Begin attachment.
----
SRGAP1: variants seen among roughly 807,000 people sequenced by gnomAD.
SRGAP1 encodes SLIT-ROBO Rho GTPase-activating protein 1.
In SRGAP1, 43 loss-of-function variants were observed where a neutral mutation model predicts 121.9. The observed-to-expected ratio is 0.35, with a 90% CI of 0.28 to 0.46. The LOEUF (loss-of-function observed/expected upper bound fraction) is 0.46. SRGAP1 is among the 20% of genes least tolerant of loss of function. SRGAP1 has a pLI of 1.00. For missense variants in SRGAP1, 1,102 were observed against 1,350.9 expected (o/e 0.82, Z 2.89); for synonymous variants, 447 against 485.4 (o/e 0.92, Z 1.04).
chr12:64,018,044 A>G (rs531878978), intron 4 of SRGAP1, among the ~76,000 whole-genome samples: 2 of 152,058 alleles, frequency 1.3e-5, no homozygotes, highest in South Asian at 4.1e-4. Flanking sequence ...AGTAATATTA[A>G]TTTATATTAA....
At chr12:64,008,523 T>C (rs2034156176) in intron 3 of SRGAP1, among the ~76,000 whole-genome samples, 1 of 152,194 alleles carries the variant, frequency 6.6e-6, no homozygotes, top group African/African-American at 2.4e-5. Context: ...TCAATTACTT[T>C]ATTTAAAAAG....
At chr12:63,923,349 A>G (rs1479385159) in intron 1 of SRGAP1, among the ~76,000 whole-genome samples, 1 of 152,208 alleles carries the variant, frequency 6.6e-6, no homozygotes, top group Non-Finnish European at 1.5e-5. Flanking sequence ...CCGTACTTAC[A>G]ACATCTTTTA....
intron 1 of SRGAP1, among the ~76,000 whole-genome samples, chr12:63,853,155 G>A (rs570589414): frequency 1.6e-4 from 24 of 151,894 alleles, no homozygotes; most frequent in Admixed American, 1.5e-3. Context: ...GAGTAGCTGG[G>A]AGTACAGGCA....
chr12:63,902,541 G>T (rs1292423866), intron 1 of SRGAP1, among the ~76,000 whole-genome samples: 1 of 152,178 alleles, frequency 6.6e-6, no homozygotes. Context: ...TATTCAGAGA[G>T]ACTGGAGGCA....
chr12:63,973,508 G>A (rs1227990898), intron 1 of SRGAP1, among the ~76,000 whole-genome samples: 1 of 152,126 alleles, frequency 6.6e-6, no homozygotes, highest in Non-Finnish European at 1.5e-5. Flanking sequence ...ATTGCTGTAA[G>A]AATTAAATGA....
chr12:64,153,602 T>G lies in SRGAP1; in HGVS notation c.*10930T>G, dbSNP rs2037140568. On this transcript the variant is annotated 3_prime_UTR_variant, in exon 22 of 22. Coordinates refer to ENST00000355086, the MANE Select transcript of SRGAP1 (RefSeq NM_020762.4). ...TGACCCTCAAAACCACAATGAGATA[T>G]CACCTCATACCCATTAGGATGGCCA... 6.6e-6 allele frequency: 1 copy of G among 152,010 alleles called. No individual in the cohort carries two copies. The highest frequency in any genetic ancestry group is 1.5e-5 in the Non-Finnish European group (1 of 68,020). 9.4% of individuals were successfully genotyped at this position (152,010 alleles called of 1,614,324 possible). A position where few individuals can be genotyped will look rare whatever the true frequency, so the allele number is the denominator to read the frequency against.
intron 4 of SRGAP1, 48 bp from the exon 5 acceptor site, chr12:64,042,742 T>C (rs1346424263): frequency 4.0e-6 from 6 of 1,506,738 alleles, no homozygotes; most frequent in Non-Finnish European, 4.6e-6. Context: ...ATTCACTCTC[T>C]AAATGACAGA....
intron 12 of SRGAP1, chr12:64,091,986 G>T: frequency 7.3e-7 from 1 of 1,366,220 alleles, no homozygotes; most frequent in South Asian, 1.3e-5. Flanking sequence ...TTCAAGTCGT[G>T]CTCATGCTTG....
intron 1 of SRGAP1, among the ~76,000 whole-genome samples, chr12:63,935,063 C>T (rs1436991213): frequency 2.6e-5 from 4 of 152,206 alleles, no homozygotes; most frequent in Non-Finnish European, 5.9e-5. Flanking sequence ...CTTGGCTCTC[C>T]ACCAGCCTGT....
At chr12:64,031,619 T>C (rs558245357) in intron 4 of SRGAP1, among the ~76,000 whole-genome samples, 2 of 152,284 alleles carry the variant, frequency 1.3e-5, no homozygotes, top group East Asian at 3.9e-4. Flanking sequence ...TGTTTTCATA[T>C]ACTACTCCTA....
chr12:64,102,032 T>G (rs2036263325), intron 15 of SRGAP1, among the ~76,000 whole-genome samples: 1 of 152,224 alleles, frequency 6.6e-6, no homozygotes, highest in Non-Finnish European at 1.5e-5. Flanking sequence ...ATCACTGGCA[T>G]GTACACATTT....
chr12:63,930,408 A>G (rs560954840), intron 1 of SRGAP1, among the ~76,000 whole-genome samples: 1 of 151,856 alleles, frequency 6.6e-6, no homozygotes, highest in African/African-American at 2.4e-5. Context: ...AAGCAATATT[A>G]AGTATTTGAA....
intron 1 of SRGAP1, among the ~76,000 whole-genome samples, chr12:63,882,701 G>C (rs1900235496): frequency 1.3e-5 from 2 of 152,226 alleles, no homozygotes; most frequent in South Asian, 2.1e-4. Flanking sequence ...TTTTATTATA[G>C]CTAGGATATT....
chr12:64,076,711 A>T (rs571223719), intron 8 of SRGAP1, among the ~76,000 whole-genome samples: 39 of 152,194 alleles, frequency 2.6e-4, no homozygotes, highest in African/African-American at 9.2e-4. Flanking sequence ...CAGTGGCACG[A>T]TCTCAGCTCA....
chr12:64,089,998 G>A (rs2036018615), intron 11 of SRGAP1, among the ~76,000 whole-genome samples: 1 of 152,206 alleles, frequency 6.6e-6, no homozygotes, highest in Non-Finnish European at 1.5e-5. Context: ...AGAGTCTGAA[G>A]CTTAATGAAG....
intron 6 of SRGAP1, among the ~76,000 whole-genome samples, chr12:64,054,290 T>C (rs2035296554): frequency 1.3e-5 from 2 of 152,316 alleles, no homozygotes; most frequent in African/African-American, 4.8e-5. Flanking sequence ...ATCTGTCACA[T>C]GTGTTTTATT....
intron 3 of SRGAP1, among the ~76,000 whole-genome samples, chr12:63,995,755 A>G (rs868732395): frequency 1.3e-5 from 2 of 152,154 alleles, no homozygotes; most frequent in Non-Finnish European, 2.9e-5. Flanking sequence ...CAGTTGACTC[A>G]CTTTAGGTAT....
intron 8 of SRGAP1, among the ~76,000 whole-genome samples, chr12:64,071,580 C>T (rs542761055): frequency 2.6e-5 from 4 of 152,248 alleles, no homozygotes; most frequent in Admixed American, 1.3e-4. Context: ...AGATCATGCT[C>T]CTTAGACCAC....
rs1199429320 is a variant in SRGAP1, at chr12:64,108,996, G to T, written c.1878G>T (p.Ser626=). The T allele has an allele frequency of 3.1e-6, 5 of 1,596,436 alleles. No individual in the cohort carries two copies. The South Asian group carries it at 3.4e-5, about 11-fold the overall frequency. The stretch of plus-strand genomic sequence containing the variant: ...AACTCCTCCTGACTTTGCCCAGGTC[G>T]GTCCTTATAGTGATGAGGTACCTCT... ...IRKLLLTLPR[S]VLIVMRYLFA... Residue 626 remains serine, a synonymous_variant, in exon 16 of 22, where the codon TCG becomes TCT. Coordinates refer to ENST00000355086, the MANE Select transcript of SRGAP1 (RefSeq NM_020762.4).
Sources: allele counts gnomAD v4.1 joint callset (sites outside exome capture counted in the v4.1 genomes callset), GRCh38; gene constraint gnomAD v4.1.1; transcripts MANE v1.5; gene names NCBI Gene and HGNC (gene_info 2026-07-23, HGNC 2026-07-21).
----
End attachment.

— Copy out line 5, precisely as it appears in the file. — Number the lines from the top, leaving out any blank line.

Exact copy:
At chr12:64,008,523 T>C (rs2034156176) in intron 3 of SRGAP1, among the ~76,000 whole-genome samples, 1 of 152,194 alleles carries the variant, frequency 6.6e-6, no homozygotes, top group African/African-American at 2.4e-5. Context: ...TCAATTACTT[T>C]ATTTAAAAAG....